Connecticut Supreme Court
The Connecticut Supreme Court building in Hartford Credit: Hugh McQuaid / CTNewsJunkie

A Connecticut judicial panel voted unanimously on Monday to recommend lowering to 7% the portion of a bond, which a defendant must pay in cash in order to avoid incarceration while awaiting court proceedings on criminal charges. 

The change to the Connecticut Practice Book was recommended by the Rules Committee of the Superior Court during a meeting in Hartford, and represents an expansion of a four-year-old policy, which allowed low-income defendants to be released from a police department if they posted 10% of their bail in cash.

Any changes to the Practice Book will need to be approved by a vote of state judges during an annual meeting next month in order to go into effect.

The existing policy only applied to bond amounts of $20,000 or less. In addition to lowering the pretrial release threshold to 7%, Monday’s action also raised the maximum bond eligible for the program to $50,000.

The change comes at the request of the state sentencing commission. During a public hearing prior to Monday’s vote, Judge Robin Pavia, chair of the commission, said it would build on the successes of the earlier policy. 

“What we witnessed is that defendants who are struggling to afford that 10% cash bond are being detained on low-level offenses,” Pavia said. “This proposal is the result of a deliberative process undertaken by this diverse group of individuals throughout Connecticut, was overwhelmingly endorsed by the commission and thus submitted to you.”

Pavia told the committee that the 10% option had been predominantly used in low-level cases where the bond was set at around $1,000. Defendants with higher bonds had largely continued to use professional surety bonds, she said.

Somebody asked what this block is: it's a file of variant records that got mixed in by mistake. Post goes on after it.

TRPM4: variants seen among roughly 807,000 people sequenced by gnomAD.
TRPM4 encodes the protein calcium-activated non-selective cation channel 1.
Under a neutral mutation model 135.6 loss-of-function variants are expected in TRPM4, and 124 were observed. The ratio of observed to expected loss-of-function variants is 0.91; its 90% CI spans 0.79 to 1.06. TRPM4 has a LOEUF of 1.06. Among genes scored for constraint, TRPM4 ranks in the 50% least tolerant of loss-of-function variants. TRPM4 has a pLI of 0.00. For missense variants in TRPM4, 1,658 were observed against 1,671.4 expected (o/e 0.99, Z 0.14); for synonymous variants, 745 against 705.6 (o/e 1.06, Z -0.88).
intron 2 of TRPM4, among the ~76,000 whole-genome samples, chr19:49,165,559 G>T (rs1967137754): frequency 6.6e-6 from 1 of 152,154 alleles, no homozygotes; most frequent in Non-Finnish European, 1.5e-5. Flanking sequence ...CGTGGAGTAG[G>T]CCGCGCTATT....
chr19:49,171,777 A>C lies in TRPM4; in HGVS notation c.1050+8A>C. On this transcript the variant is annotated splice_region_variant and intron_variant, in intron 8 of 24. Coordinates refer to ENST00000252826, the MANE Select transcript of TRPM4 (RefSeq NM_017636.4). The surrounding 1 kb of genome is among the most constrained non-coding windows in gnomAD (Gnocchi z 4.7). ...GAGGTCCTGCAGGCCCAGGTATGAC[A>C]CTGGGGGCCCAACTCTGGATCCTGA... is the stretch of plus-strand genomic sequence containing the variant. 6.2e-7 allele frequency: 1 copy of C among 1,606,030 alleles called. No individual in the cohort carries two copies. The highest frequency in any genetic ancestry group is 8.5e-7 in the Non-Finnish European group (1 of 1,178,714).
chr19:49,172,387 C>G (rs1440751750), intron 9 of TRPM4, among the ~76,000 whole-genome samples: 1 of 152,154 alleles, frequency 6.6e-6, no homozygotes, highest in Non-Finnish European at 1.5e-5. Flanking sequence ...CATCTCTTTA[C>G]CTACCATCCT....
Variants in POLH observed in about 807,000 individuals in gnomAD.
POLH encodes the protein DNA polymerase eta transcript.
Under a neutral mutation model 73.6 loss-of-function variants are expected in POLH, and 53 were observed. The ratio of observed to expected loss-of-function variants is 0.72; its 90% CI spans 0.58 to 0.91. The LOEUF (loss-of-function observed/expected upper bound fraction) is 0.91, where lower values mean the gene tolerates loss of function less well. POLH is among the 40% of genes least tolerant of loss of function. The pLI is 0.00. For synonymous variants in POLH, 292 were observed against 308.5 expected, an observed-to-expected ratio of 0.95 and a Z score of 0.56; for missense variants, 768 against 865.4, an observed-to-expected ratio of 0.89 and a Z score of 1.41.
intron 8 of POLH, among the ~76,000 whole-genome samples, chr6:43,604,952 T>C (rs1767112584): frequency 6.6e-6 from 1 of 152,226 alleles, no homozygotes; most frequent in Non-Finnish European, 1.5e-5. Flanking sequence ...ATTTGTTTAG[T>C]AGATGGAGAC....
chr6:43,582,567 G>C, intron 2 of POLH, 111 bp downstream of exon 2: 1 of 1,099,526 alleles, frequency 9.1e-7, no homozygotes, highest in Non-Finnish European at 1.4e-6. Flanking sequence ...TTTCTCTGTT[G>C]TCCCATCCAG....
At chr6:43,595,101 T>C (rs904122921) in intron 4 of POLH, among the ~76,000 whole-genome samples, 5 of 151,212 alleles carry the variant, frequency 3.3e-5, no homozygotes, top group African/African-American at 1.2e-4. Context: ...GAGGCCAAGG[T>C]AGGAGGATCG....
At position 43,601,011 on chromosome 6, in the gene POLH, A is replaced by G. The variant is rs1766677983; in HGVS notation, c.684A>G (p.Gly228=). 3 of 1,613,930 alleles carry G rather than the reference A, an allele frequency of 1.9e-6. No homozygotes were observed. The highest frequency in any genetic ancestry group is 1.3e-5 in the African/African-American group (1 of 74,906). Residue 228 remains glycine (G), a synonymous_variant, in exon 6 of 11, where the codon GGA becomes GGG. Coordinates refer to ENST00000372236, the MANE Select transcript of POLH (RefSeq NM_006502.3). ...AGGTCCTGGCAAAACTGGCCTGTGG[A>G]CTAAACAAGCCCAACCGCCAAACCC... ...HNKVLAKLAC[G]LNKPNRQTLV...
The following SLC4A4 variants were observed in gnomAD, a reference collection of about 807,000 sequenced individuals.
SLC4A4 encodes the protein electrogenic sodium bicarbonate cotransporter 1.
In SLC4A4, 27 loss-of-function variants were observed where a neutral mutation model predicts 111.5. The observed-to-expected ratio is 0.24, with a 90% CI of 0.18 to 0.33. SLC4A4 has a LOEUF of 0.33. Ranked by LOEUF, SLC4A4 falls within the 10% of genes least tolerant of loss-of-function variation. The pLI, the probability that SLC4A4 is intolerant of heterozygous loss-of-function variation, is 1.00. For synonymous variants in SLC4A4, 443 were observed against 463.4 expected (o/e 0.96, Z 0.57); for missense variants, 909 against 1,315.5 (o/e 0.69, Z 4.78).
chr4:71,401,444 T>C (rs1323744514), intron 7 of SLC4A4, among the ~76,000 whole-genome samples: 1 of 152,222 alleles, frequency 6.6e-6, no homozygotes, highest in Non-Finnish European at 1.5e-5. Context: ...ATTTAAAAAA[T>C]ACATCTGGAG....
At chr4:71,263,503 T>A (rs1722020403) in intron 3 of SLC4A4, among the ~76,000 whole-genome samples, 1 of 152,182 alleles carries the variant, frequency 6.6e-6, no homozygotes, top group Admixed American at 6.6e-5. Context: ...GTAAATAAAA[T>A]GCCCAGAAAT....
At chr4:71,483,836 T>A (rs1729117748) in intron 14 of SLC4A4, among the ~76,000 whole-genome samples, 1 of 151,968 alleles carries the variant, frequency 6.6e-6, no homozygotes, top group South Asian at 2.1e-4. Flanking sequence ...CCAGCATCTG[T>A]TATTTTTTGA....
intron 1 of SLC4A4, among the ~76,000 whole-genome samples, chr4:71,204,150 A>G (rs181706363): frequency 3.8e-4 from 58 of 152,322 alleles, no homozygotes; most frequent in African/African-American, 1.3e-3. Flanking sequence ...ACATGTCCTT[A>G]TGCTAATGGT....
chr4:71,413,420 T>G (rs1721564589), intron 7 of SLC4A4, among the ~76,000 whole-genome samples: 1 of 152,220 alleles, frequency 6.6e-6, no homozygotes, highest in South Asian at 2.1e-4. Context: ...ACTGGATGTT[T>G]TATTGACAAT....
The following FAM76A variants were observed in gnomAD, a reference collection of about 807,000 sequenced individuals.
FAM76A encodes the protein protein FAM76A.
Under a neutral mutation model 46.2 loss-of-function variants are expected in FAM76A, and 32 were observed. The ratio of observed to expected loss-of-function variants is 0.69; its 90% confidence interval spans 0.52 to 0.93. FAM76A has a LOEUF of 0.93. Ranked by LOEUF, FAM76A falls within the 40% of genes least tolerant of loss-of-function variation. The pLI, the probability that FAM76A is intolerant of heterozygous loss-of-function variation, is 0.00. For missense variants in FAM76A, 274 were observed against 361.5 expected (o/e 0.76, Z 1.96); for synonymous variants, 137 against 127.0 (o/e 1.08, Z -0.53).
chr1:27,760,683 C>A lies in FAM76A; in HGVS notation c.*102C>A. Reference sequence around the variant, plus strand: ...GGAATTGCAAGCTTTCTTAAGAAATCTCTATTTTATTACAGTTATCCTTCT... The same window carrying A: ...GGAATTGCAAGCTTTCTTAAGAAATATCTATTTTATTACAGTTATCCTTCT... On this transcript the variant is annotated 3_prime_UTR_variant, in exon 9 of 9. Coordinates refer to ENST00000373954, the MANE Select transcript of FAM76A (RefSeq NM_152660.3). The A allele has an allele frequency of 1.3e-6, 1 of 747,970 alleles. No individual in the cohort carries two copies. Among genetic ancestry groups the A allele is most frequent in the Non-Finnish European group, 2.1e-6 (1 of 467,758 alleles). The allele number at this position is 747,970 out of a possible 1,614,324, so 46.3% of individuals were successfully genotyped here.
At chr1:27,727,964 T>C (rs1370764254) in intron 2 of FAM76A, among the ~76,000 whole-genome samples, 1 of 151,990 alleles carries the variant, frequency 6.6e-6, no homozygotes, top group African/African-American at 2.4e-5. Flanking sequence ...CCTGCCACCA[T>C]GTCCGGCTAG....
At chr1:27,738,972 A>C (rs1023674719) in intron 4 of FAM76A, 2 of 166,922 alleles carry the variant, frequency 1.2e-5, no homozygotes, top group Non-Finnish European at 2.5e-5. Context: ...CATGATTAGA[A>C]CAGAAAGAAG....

The change was opposed by Republican legislators, who have argued that the Judiciary should refrain from modifying the state bail system until lawmakers have a chance to work through proposed changes before the legislature. 

“The last thing that residents, let alone crime victims, expect to see is our Judicial system make life easier for criminals,” House Minority Leader Vincent Candelora said in a press release last week. 

Although Candelora and Rep. Pat Callahan, R-New Fairfield, submitted testimony objecting to the change, state Supreme Court Justice Andrew McDonald said that the Democratic and Republican leaders of the legislature’s Judiciary Committee did not offer any commentary.

McDonald, a former state senator who previously co-chaired the legislative committee, questioned whether the legislature had the authority to dictate bail policy to the Judicial Branch. 

“There’s a very good argument to be made that bail is purely a Judicial Branch function and not a Legislative Branch, but we’ve never had those hard lines. It is a communication,” McDonald said. However, he said judicial leaders would consider policies from lawmakers. 

“If the legislature steps up and gives us different input at some point, obviously we would take that into consideration,” he said. 

Monday’s hearing also drew opposition from several representatives of Connecticut’s bond industry, who view the expansion of the current 10% rule as a step toward eliminating the state’s surety bond system, which they argued was more successful at ensuring defendants’ appearance in court.  

“Surety bail does its job,” Andrew Bloom, executive vice president of 3-D Bail Bonds, said, “allowing defendants to remain free, allowing them to keep their jobs, giving them the court date reminders, offering them payment plans to those who need it and ensuring the appearance of those accused so victims have their day in court. In the end that’s what really matters: accountability.”

Bloom argued that the existing policy had been a failure in light of statistics indicating that the number of defendants in pretrial detention had risen since the 10% cash bail option went into effect. 

During the meeting, McDonald said he had “serious questions” about some of the numbers offered during the hearing and suggested that fluctuations in the pre-trial detention population had been driven by the COVID-19 pandemic which began just weeks after the program went into effect. The change passed Monday was recommended by a commission including law enforcement personnel and prosecutors, he said. 

“Frankly, I am more comfortable relying on their statistics and data than what I consider to be a somewhat loose recitation of data that was presented in some of the testimony,” McDonald said.